Arte Forme Integrated stereo amplifier
Always eager to discover something new and exciting in the world of high-end audio, I was delighted when Arte Forme sent me their latest Ruby integrated amplifier. Michael Gill, one of the designers at Arte Forme, had contacted me about a review and I checked their website: “Arte Forme started out as a collection of experienced DIY hobbyists from Taiwan, who came together to form a company that embodies the spirit of the DIY movement. The founding members have a diverse background, but the common factor is that each person is passionate about the reproduction of music. Members of Arte Forma are computer engineers, electrical engineers, retired air force and navy technicians, and communication industry specialists. Arte Forma is composed of 26 members. Each person is capable of building an amplifier from start to finish. This includes the CNC production stage. This is not a company headed by one or two engineers and a gaggle of workers assembling a product.”
I think you’ll agree that this is a highly unusual curriculum vitae for an audio company. I was intrigued and I requested to hear the amplifier before it got sent to other reviewers. Michael Gill obliged and the Ruby arrived at my doorstep some weeks later.
The Ruby features a slenderly built and attractively designed dark chassis with its Power On centered (along with AFA initials above it), evenly between a silver Input selection and Volume control knob. It weighs fifteen pounds, amongst the lightest amplifiers I’ve handled. It is rated at 75 watts per channel, while looking from the rear, sports four RCA inputs, two pairs of speaker terminals and I male IEC power outlet.
Arte Forme until now, has built only tube components: the Ruby being their very first solid-state product. My initial concern was whether the Ruby would offer the softer and more rolled off sonic signature typical of tube devices. Not in the least.
The Ruby surprised me with its well-balanced sonic capabilities. It sounded more refined and sophisticated than its $1350 asking price would suggest. With the Tekton Double Impact loudspeakers (review in the works), which are 97dB efficient, the Ruby really came to life. With the 95db efficient Bache loudspeakers (reviewed here), the Ruby provided a great sense of harmonic rightness and palpability, particularly on vocals.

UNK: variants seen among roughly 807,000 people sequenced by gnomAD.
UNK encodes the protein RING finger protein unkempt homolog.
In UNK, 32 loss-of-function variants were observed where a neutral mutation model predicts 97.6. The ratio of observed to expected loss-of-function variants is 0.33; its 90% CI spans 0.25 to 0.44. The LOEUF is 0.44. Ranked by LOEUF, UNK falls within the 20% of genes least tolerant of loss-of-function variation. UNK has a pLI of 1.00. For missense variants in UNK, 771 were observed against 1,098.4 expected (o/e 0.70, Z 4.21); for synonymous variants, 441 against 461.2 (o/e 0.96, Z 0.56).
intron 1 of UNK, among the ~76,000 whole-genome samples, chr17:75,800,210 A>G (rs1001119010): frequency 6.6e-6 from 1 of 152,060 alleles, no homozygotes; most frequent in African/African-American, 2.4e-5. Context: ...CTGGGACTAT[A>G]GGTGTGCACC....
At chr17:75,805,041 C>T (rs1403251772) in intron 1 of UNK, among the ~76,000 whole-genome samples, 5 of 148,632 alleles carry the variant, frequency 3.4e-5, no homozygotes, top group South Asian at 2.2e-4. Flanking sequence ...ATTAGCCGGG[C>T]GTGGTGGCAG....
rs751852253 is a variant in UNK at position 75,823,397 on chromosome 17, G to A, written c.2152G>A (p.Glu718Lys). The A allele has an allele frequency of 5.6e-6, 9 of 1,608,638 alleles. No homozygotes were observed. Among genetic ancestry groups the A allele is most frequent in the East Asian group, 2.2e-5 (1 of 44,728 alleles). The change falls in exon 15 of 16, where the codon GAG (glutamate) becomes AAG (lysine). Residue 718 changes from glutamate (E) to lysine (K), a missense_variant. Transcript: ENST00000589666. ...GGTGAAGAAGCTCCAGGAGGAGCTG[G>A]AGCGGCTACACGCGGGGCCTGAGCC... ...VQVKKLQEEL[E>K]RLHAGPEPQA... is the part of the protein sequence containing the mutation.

Dwight Trible’s gospel-infused baritone on What the World Needs Now is Love (featuring trumpeter Matthew Halsall), had me and my friends swooning over the sweetness and articulateness of this little amp. Bass was clean and tight with nice weight and balance. “Just right” was the guys’ repeated comment.
The Grandinote, which have been around here for awhile, is a superb amplifier. It also costs forty times the cost of the Ruby. The surprising thing, which impressed all of us, is how well the Ruby acquitted itself in comparison. It was a real shocker. The Ruby/Tekton combination sounded nearly as good as the Grandinote/Bache Audio combination!
There is something unusual in the synergy between the Ruby and the Tekton. First off, the speed and density of the images seemed to rise another level. Focus, soundstage, dynamics and treble smoothness were great. Folks agreed that the Tekton doesn’t just live up to all the hype you hear on the audio forums, it actually exceeds it! The Ruby didn’t sound quite as good as the Grandinote, but that was to be expected.
When I swapped the Bache Audio loudspeakers for the Tekton Double Impacts and let the Ruby run free, it was quite astounding. The Ruby has its own sonic signature that is very much solid-state-like but without the harshness many associate with affordably-priced solid-state. Never once did I find the sound slow and/or soft-edged: reminiscent of tubes. It’s not the most liquid sounding, solid-state amplifier I’ve heard, but for $1350.00 it far exceeded my expectations.
It’s obvious that the few dozen DYI guys at Arte Forme believe in art over science. They base their designs on how good a product sounds rather than how it measures. I’ve heard a ton of products that measured near-perfect but left me cold. On the other hand, I’ve heard gear (like KR Audio) that didn’t measure all that well that nonetheless left me and my audio friends absolutely speechless.
I’m not sure why this is. The Ruby simply just sounds good, looks good and has lots to offer anyone looking for an affordable amplifier. Built to provide the type of sonic excellence usually missing in lower powered tube alternatives, Arte Forme developed the Ruby especially for the power hungry loudspeaker. Unfortunately, I did not have such a loudspeaker available during my time with the Ruby. But the Bache Audio and Tekton Double Impact demonstrated to me how remarkable the performance of a well designed amplifier like the Ruby can be when partnered with a high efficiency loudspeaker. It is in that regard, that I am hereby nominating the Arte Forme Ruby integrated as my choice for 2017 Most Wanted Component: Publisher’s Choice!
Solid State integrated amplifier
Bandwidth : 12 – 35k Hz
S/N Ratio : > 94dB
THD + N : < 0.001%
Inputs : 4 x RCA
Outputs : 75 W + 75W class A/B
Dimensions (W x D x H) mm : 430 x 320 x 70
Weight : 15 lbs / 7 kg
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